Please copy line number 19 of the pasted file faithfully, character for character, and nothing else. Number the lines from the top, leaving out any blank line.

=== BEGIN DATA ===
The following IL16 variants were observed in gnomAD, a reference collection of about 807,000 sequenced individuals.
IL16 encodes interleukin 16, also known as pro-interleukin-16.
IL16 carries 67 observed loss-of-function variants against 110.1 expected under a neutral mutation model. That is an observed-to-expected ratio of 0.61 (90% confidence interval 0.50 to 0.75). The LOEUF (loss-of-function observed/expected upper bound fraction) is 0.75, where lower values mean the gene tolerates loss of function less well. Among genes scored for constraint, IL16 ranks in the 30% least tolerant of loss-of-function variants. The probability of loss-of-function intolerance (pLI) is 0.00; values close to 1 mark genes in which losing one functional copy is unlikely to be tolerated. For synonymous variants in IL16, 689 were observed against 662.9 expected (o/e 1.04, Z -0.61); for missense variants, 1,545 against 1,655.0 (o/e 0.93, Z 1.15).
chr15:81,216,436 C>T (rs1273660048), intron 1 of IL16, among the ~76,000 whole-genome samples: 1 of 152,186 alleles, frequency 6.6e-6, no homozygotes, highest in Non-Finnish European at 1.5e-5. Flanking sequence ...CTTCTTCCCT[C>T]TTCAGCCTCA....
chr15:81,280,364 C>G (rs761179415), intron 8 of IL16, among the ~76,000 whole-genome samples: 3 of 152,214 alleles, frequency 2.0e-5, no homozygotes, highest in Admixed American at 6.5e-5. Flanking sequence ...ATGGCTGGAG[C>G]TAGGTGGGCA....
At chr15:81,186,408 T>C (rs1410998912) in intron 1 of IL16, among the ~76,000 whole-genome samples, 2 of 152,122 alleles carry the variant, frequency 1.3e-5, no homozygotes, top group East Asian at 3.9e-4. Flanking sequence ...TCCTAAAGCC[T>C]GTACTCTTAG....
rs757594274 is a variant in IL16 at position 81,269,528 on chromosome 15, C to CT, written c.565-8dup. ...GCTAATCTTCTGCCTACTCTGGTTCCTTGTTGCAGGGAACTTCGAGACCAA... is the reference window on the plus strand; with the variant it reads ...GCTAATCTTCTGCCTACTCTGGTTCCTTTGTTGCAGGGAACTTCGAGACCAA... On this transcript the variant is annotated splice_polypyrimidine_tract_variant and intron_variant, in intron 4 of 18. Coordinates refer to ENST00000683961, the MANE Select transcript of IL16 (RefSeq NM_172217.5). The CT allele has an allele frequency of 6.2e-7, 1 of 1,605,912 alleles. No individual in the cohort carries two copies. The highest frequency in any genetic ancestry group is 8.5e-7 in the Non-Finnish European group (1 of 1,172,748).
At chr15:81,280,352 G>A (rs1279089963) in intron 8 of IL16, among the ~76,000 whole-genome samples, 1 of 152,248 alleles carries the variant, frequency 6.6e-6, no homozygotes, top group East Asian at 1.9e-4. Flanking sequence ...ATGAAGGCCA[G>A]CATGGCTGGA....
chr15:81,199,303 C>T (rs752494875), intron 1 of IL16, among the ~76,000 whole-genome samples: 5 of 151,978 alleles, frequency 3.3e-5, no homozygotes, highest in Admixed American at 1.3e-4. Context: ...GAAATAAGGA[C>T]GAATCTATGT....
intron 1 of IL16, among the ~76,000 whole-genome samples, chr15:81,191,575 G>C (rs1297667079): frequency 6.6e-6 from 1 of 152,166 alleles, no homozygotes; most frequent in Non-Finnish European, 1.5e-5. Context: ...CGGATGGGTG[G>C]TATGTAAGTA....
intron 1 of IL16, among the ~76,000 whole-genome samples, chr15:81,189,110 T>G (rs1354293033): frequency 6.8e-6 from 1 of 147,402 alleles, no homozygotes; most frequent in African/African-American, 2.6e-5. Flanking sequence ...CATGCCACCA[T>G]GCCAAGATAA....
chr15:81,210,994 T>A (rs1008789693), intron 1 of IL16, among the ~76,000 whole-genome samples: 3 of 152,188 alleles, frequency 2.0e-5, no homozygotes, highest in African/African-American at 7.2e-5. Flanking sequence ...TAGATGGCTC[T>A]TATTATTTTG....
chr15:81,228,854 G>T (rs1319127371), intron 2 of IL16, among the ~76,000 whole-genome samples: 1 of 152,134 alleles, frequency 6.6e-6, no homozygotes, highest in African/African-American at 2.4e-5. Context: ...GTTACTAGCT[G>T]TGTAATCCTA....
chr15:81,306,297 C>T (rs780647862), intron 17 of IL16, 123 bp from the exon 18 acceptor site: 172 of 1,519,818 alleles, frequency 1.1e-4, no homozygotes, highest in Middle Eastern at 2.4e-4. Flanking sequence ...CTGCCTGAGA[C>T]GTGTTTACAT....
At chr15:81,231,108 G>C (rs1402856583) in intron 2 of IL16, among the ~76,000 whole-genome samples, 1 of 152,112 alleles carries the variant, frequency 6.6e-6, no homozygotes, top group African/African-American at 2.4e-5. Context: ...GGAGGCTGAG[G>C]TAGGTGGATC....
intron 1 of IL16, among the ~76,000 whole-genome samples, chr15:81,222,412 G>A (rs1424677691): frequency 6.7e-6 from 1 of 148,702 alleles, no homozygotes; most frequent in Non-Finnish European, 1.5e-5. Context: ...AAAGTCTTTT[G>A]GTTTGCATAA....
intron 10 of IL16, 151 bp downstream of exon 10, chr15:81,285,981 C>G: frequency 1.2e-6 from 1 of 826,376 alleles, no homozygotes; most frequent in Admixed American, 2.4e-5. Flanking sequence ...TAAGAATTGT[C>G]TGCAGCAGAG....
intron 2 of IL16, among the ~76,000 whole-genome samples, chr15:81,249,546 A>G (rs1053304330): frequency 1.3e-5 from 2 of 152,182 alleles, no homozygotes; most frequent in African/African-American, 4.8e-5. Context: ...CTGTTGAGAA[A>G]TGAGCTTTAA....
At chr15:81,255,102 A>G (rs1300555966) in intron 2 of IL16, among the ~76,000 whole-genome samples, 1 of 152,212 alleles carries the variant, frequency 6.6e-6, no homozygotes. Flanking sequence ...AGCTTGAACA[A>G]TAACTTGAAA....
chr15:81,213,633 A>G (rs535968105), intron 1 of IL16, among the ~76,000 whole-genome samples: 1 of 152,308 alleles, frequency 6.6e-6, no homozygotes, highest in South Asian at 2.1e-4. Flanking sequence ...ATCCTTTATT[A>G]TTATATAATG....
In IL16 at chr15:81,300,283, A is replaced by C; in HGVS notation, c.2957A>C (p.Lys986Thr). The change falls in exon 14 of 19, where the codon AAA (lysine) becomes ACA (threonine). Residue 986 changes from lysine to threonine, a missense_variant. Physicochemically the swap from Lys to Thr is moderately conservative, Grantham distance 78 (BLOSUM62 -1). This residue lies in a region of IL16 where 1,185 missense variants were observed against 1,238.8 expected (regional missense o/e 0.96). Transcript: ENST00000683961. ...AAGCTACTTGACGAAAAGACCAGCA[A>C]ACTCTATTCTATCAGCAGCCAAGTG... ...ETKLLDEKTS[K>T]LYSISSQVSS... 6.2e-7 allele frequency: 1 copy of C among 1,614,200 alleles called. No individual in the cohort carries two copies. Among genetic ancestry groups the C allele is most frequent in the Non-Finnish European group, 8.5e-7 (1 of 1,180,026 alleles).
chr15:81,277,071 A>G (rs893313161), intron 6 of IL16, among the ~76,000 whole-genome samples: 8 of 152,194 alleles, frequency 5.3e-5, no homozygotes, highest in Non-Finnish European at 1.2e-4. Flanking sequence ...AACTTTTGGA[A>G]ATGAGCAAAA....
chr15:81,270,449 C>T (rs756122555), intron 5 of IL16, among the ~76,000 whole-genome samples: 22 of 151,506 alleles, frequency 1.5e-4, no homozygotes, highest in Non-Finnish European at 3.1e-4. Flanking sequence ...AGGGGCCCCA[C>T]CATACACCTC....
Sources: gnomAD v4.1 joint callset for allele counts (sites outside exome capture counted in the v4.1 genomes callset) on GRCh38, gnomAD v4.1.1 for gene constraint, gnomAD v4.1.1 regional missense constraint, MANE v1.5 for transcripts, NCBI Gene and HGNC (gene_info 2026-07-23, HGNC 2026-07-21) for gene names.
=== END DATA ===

At chr15:81,255,102 A>G (rs1300555966) in intron 2 of IL16, among the ~76,000 whole-genome samples, 1 of 152,212 alleles carries the variant, frequency 6.6e-6, no homozygotes. Flanking sequence ...AGCTTGAACA[A>G]TAACTTGAAA....